The bookkeeping is pretty easy. I mean, pretty much everybody needs something to be able to keep historical transactions in order How is tell business owners, as soon as you’re tired of doing it, you know, think about, they can think about a couple of things between us and other providers out there in the space, you can get someone for a couple 100 bucks a month to manage your books, the basic bookkeeping, so when you first started and you’re pinching pennies, and maybe you want, maybe you’re interested in looking at all your transactions, sure, the business owner can go and use something like QuickBooks Online or 01 of the cloud based tools, it’s pretty easy. They just do it themselves. But it becomes more than I call a $300 a month headache, like you know, and you’re like, forget it, I don’t want to deal with it. There’s plenty of options out there to get someone to do that. Now, the higher level functions, I’ll just jump to the CFO side. What we tell people there is 100% of a CFOs work should all be forward looking. So almost most accounting is done retroactively, a transaction you, the customer pays, you send him a bill and you got to record that some way that things already happened, he’s got to record it, CFO work should be all forward looking. So one of the ways I just try to very simply advise small businesses, think about how many things you really have that are prospective or forward looking, maybe when you just get started need a little bit of help on a budget, right? Now a little bit of some planning, so you might need a little bit of CFO work. But then when we see our clients do things like doing capital raises, which many of them do sophisticated forecasting, those are activities, anything that is out the front window, forward looking should be when you start thinking of you know what I should probably look for a CFO. And now the good thing is the market has really matured to where there’s a lot of outsourced CFOs you can get we started 17 years ago, it was a huge nuisance for us explaining to people that hey, we weren’t a CPA firm doing taxes, we were actually outsourced CFOs that you can actually get someone on a fractional basis, but that’s much more common. So yeah, that delineation of when it becomes something you’re trying to predict in the future. And it’s got a financial component, that’s usually a good sign. If you get a lot of that or recurs quite a bit. That’s a good sign to say, hey, it’s probably time to start thinking about engaging a CFO in some shape or form for a few hours, a week or a month.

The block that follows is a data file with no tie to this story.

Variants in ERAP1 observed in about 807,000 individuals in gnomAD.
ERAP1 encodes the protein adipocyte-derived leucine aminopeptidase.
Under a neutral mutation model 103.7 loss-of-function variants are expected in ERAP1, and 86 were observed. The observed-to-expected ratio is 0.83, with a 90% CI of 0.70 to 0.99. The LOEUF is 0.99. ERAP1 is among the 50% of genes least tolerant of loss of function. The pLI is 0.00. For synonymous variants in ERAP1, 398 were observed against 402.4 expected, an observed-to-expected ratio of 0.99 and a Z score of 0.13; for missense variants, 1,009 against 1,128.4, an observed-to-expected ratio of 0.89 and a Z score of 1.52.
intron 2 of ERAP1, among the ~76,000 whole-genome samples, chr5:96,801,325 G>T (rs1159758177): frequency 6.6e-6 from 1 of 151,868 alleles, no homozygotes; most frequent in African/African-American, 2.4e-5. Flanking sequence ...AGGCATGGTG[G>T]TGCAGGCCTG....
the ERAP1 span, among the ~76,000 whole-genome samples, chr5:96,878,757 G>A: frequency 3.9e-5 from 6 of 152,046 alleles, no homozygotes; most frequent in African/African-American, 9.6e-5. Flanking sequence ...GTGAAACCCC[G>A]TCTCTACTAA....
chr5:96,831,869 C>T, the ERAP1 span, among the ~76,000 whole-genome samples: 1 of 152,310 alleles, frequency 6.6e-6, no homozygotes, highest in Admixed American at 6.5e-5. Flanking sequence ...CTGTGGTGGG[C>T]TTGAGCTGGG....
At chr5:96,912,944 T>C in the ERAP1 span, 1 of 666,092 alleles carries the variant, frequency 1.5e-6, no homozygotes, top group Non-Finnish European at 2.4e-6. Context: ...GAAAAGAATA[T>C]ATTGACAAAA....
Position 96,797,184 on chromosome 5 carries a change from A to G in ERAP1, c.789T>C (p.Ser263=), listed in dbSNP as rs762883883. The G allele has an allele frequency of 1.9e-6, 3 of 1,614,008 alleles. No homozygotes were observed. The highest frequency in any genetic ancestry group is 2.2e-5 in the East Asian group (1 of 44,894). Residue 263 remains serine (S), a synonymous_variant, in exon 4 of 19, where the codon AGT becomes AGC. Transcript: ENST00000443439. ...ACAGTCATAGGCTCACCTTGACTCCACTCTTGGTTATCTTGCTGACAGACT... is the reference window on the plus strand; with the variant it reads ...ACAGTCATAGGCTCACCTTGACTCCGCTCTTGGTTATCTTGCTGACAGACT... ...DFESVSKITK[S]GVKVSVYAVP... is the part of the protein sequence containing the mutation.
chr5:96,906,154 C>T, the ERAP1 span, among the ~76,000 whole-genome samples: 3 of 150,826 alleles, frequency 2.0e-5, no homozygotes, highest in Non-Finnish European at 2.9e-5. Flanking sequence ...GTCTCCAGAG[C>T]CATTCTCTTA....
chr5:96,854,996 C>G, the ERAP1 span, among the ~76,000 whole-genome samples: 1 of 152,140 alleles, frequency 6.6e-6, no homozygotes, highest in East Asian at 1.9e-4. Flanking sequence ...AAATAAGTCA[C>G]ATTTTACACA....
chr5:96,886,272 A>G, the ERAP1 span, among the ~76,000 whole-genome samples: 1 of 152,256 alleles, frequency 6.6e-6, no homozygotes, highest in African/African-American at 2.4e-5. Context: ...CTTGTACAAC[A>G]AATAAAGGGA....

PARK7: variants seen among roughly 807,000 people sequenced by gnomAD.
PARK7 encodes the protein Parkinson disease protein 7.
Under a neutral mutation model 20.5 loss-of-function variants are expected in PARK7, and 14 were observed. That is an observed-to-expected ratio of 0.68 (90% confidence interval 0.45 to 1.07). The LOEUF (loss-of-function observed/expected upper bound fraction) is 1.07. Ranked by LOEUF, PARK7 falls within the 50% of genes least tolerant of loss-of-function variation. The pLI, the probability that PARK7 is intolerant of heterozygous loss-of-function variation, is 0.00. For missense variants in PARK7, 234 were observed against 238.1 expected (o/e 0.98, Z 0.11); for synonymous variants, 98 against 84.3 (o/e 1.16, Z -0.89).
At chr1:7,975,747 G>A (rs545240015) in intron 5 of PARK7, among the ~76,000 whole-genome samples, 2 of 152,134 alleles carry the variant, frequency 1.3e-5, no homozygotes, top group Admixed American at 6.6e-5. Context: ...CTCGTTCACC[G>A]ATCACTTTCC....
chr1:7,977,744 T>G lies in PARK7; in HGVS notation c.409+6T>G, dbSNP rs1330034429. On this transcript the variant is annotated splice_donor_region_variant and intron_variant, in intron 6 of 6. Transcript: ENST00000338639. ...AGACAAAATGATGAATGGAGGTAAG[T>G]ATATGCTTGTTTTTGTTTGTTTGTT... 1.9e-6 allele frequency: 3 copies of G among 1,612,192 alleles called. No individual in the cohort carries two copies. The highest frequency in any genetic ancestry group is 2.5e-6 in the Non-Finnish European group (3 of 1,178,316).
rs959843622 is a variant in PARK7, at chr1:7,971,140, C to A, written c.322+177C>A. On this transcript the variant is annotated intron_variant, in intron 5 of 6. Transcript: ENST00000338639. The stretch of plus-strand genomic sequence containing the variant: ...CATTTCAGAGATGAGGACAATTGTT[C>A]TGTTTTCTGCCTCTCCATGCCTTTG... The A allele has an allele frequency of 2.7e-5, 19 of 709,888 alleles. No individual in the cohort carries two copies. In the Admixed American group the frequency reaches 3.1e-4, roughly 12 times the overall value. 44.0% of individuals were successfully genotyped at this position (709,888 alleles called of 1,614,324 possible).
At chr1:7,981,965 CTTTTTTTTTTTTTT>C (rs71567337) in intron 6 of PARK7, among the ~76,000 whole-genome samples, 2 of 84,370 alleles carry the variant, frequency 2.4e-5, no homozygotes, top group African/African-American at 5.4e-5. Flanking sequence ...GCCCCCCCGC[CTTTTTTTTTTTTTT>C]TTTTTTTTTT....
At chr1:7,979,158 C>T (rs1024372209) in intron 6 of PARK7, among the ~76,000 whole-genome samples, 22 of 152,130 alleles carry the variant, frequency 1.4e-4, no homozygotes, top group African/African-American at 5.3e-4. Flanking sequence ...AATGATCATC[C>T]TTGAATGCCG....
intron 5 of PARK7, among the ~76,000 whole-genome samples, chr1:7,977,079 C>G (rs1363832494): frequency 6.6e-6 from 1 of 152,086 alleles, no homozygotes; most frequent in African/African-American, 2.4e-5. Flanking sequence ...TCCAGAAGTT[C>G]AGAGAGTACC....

John Corcoran 23:54
Right. And of course, you have to have the metrics there. Also, one thing I discovered recently, not too recently, a little while back in our business, was that the various different software tools that we were using, were not properly set up in order to track and be able to have those forward looking metrics to for a CFO to be able to look at what you’re doing and make, you know, give advice on it.
Kenji Kuramoto 24:20
Yeah, yeah, we had when we, when we launched our bookkeeping. Again, something I said I would never do. And again, this was probably ego shortsightedness on my part, coming out of you know, CPA coming out of the, you know, Arthur Andersen kept thinking bookkeeping. Now we’re not ever going to do something like bookkeeping, but what we were finding was we couldn’t get to allow the good CFO or class wanted us to do it because the underlying books were in terrible shape. And so we kept running into that and it was frustrating. And then finally I had a client of ours who was really became a really good friend who just said, hey, let’s and had a great tech company is running and we just kind of sat down one day and read He just did a lot of talking about like, Okay, what if I could use this kind of very technology oriented? What if, what if we got the bookkeeping to look like this, and this week sat down and kind of sketched it off together, but didn’t really with one of our existing clients, because he was like, Listen, I’ll be your first client to sign up for it, if you could just do it, because I hate it. And I don’t want to hire another bookkeeper off Craigslist, I really don’t want to do that. So he was some of our early customers who, who really kind of gave us that, like, you know, that charge to kind of move forward. And it’s just spent time talking to them and got it going. And that’s actually today, our bookkeeping practice is much larger than our CFO practices.
John Corcoran 25:35
Wow, that’s interesting. I was funny when you resist something, and that ends up being I know. That’s wild. Well, I want to know if we’re running short on time. So I’ll wrap things up with the three questions that I enjoy asking. So first, you know, a reflection on what we’re doing right now, which is we’re creating content. And we’re sharing wisdom with the world, you know, pushing it forward, and delivering value to others, and building relationships with each other, and the audience. And you do that as well through your YouTube channel. So share some wisdom of what you’ve learned through the YouTube show that you’ve been doing, which is a lot of fun.
Kenji Kuramoto 26:18